Weeks-long standoffs in Mediterranean becoming ‘new normal’

MILAN (AP) — The Ocean Viking carrying 356 people, mostly Africans, rescued in the Mediterranean off Libya is closing in on two weeks at sea without being assigned a safe port to offload the traumatised passengers — a situation that charity workers decry as “the new normal” as Europe fails to devise a systematic response.

It “is a complete shame. It is inhumane,” Project Coordinator for Doctors Without Borders on the Ocean Viking Jay Berger said by satellite phone yesterday. “There needs to be concrete action. This is not how people should be treated.”

The Ocean Viking conducted four rescues off Libya from August 9-12, and is in its 13th day without being permitted to disembark the rescued people, as dictated by maritime law.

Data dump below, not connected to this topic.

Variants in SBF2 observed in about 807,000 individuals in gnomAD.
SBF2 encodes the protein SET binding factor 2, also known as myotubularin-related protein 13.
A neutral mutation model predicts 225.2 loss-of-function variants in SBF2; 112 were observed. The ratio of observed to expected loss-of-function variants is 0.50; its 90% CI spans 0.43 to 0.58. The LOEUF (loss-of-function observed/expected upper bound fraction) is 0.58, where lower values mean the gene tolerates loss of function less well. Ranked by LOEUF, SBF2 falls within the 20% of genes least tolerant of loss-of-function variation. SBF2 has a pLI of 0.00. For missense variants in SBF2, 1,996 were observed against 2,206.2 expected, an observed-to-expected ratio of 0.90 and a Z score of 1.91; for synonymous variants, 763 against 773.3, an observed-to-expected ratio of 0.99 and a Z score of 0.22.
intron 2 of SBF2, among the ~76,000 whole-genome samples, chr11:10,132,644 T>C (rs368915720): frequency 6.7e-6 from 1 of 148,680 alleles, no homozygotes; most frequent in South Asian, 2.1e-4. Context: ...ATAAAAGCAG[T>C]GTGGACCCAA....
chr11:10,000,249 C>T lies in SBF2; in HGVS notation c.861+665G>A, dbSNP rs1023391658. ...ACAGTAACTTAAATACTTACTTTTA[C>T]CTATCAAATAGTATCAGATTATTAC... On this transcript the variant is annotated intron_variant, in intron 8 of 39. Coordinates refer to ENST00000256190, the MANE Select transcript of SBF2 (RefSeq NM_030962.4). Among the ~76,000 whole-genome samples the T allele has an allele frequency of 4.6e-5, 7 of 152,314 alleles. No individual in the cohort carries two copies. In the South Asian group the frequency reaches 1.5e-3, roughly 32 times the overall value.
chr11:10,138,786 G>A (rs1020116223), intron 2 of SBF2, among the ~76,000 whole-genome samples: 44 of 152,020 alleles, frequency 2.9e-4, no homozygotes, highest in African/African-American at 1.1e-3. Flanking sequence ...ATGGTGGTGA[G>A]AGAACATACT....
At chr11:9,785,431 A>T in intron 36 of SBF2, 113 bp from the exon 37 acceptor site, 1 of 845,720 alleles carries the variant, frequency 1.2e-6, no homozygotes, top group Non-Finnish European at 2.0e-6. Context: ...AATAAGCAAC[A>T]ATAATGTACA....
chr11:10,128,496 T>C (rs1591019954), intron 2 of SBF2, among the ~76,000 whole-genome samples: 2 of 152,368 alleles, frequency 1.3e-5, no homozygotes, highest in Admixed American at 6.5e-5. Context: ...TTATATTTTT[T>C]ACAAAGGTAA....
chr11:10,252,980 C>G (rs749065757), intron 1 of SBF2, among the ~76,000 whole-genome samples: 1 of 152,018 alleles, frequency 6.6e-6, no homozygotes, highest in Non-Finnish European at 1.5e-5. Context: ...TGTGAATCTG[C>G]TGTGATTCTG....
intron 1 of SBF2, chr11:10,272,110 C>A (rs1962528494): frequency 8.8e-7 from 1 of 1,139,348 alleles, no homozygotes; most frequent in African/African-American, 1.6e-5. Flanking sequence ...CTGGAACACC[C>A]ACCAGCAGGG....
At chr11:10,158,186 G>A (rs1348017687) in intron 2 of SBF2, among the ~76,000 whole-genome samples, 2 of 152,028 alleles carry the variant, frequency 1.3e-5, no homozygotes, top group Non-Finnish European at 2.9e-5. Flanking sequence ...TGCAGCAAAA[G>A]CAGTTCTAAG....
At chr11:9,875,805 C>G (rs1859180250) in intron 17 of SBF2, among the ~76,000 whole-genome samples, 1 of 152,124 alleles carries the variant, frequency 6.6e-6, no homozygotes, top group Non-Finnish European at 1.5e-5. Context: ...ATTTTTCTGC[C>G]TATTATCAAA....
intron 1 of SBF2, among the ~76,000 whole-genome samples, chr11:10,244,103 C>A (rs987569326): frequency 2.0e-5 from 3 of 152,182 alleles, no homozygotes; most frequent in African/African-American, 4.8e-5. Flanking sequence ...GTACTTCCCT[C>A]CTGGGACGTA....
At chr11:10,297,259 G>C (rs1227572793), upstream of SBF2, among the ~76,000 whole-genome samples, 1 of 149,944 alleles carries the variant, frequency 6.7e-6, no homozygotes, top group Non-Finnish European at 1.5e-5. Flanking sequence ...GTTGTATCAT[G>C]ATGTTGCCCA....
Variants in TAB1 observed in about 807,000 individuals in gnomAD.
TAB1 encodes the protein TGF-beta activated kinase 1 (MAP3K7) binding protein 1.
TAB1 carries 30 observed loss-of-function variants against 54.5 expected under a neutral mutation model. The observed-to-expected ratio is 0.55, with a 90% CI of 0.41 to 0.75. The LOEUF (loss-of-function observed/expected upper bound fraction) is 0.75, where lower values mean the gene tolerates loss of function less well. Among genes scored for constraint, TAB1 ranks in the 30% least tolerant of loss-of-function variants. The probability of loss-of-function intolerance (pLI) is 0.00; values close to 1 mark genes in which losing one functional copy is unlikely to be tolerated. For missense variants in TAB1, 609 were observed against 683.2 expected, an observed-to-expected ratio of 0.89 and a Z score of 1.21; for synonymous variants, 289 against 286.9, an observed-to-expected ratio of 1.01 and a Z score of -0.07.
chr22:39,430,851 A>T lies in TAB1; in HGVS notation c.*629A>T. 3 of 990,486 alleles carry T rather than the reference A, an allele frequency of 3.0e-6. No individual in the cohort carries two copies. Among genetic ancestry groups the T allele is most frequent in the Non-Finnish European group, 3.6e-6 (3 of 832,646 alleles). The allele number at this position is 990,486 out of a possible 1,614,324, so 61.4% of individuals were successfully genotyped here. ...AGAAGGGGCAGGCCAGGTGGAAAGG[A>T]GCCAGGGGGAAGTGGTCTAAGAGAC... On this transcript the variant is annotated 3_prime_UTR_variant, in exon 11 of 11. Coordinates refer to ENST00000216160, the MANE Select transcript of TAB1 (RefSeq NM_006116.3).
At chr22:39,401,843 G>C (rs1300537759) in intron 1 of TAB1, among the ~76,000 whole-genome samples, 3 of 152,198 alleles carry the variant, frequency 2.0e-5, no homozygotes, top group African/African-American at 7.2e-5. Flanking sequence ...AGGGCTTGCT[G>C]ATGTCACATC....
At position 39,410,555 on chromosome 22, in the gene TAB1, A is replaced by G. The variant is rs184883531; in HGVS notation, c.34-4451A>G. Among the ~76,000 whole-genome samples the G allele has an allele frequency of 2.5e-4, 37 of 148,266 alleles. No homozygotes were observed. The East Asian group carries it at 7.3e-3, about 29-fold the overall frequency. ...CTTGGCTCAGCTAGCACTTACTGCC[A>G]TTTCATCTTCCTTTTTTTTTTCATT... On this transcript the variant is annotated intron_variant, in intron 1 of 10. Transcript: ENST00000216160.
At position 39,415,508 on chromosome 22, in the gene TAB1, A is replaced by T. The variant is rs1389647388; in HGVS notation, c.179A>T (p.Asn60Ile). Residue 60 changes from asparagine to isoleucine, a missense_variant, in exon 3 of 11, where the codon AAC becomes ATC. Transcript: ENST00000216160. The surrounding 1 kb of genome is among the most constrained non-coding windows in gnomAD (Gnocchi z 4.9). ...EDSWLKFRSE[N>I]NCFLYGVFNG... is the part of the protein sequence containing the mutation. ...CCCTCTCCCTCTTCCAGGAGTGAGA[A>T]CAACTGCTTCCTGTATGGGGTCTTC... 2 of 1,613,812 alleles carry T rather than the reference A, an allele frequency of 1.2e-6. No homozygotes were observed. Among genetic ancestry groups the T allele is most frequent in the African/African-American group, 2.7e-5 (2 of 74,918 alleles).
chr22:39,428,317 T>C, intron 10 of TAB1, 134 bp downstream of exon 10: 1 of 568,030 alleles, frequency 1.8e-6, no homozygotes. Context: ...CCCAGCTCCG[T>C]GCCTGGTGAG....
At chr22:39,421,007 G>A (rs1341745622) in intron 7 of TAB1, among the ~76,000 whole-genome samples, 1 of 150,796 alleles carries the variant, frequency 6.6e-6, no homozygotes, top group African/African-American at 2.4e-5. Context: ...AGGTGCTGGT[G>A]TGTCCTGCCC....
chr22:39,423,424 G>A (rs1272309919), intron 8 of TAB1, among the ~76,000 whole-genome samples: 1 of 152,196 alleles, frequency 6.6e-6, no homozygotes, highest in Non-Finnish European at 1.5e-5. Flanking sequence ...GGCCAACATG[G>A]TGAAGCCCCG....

The ship, with a stated capacity of 200 passengers, has been sailing between the Italian island of Linosa and Malta, staying out of sight of land as that would only excite the rescued people.

So far, there have been no medical emergencies or outbreaks of tension, as was the case on the Spanish rescue ship Open Arms, which disembarked on Tuesday night on the Italian island of Lampedusa after a prosecutor ordered the vessel seized as part of investigations into possible charges of kidnapping, failure to provide aid and a safe port.

Rescued migrants rest on the deck of the Norwegian-flagged Ocean Viking vessel, operated by two French humanitarian groups, as it sails in the waters near the Italian island of Linosa. PHOTO: AP